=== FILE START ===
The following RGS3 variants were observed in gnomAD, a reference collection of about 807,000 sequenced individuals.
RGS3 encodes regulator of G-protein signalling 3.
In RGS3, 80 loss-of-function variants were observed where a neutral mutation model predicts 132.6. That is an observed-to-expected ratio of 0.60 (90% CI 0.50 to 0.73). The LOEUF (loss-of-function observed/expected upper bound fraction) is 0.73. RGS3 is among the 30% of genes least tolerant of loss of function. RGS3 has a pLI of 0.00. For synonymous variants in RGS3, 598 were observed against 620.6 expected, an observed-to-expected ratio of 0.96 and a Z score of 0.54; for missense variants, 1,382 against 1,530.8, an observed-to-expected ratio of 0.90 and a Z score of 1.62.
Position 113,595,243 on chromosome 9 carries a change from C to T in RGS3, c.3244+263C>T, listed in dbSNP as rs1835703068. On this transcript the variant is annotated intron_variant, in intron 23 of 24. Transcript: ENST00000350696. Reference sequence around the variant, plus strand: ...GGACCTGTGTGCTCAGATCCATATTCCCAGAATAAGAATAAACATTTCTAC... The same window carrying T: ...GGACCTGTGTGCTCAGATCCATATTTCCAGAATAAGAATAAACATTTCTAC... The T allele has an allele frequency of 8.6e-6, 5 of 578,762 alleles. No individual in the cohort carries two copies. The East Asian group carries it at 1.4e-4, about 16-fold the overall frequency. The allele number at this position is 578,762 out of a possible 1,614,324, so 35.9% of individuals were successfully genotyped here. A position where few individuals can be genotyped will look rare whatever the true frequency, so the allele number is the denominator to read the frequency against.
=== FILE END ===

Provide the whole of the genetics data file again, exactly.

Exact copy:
The following RGS3 variants were observed in gnomAD, a reference collection of about 807,000 sequenced individuals.
RGS3 encodes regulator of G-protein signalling 3.
In RGS3, 80 loss-of-function variants were observed where a neutral mutation model predicts 132.6. That is an observed-to-expected ratio of 0.60 (90% CI 0.50 to 0.73). The LOEUF (loss-of-function observed/expected upper bound fraction) is 0.73. RGS3 is among the 30% of genes least tolerant of loss of function. RGS3 has a pLI of 0.00. For synonymous variants in RGS3, 598 were observed against 620.6 expected, an observed-to-expected ratio of 0.96 and a Z score of 0.54; for missense variants, 1,382 against 1,530.8, an observed-to-expected ratio of 0.90 and a Z score of 1.62.
Position 113,595,243 on chromosome 9 carries a change from C to T in RGS3, c.3244+263C>T, listed in dbSNP as rs1835703068. On this transcript the variant is annotated intron_variant, in intron 23 of 24. Transcript: ENST00000350696. Reference sequence around the variant, plus strand: ...GGACCTGTGTGCTCAGATCCATATTCCCAGAATAAGAATAAACATTTCTAC... The same window carrying T: ...GGACCTGTGTGCTCAGATCCATATTTCCAGAATAAGAATAAACATTTCTAC... The T allele has an allele frequency of 8.6e-6, 5 of 578,762 alleles. No individual in the cohort carries two copies. The East Asian group carries it at 1.4e-4, about 16-fold the overall frequency. The allele number at this position is 578,762 out of a possible 1,614,324, so 35.9% of individuals were successfully genotyped here. A position where few individuals can be genotyped will look rare whatever the true frequency, so the allele number is the denominator to read the frequency against.